The country is in turmoil over what’s happening in Washington, giving the Democrats a big lead going into the elections. A reporter asked Carville if the Foley scandal had never happened, did he think this poll would be a lot different? Carville insisted that despite Republican crowing about modest gains in recent weeks the race for Congress has stayed essentially the same since Hurricane Katrina 14 months ago. If the Republicans lose, he suspects they’ll blame it on Foley, but Foley is a symptom of a larger problem, a Congress that has gone astray. “I don’t think it would make two [percentage] points difference in anything if Foley were to rescue a drowning kid,” Carville said. “Right now this thing would be a rout.”
© 2006 MSNBC.com
The gay issue: GOP split between those seeing gay as sin and those wanting party to make room
Ex-Foley aide says he told on his boss before 2004
The gay issue: GOP split between those who see homosexuality as a sin and those who want party to make room for all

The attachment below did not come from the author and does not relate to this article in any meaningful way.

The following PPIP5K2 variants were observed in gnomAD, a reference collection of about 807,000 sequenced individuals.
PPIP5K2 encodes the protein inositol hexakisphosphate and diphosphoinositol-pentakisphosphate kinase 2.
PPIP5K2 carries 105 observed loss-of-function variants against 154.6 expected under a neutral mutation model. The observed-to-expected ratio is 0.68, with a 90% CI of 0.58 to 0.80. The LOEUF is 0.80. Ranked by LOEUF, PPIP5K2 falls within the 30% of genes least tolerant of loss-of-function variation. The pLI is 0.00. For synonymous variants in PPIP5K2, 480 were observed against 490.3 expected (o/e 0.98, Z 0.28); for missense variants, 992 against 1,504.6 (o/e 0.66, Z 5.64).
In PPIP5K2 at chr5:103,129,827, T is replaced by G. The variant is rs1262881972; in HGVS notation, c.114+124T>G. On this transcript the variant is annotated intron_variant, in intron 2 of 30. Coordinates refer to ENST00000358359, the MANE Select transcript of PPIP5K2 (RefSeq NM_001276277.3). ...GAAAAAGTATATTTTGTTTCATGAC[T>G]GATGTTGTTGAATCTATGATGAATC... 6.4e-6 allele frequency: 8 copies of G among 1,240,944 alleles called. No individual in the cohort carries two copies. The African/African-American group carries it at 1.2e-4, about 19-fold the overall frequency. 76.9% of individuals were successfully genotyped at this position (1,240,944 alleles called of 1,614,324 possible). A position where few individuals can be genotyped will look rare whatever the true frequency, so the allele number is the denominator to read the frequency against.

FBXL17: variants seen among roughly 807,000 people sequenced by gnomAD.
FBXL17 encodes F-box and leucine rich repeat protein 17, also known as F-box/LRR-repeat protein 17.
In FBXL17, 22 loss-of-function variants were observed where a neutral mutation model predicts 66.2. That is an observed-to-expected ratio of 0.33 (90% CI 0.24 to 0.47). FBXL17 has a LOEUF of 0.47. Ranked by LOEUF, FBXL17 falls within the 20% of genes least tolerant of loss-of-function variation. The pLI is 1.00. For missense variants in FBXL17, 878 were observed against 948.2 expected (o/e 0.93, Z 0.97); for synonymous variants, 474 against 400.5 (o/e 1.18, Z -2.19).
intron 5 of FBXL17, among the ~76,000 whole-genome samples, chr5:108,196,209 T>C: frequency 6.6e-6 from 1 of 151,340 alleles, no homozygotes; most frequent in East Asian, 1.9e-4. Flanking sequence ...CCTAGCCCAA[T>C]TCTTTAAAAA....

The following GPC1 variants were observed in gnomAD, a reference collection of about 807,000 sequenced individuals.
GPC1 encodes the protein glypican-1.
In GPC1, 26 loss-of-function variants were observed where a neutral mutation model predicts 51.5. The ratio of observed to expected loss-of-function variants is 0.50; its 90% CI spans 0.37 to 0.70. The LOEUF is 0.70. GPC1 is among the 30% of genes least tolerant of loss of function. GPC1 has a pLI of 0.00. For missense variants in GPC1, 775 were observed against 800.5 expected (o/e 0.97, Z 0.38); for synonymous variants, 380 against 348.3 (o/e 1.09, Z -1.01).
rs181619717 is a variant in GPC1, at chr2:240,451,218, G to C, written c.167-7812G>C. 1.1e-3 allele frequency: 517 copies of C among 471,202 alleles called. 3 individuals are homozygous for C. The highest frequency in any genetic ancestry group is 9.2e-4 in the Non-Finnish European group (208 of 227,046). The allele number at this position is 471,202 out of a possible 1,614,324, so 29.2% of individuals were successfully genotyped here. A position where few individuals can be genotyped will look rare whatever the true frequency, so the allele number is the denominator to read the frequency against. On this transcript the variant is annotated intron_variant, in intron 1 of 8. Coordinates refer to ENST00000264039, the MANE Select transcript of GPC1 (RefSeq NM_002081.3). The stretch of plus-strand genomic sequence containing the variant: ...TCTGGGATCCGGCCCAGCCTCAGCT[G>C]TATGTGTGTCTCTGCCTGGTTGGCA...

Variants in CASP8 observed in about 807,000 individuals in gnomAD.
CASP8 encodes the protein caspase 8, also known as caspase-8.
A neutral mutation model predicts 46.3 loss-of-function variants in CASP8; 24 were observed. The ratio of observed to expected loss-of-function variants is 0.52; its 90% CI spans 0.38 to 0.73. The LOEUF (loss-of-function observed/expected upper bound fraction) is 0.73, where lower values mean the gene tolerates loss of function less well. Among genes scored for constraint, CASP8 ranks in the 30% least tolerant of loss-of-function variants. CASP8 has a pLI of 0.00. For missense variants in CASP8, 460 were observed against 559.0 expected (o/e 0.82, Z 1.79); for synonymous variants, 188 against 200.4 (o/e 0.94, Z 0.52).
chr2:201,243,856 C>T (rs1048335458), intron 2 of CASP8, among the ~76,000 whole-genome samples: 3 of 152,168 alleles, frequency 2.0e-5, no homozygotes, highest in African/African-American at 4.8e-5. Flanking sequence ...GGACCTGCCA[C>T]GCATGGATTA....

- Edward Epstein, San Francisco Chronicle Washington Bureau
Thursday, October 5, 2006
(10-05) 04:00 PDT Washington -- The resignation of Republican Rep. Mark Foley of Florida focuses anew a long-running fissure in the Republican Party between those on the right who view homosexuality as a sin that endangers the country and those who want the party to find a place in the GOP for all Americans.
Republicans are unanimous in their condemnation of Foley's behavior, but leaders of social and religious groups that are influential in the party have been repeating their anti-gay messages since the release of sexually explicit e-mails and text messages between the lawmaker and underage congressional pages.
Several of those conservatives say they believe House leaders decided last spring not to severely discipline Foley when they first learned of his contacts with a teenage former page because they were afraid of being accused of gay-bashing.
The six-term, 52-year-old former congressman had never acknowledged his homosexuality until Tuesday, when his lawyer disclosed the fact, although rumors about his sexual orientation had swirled for years.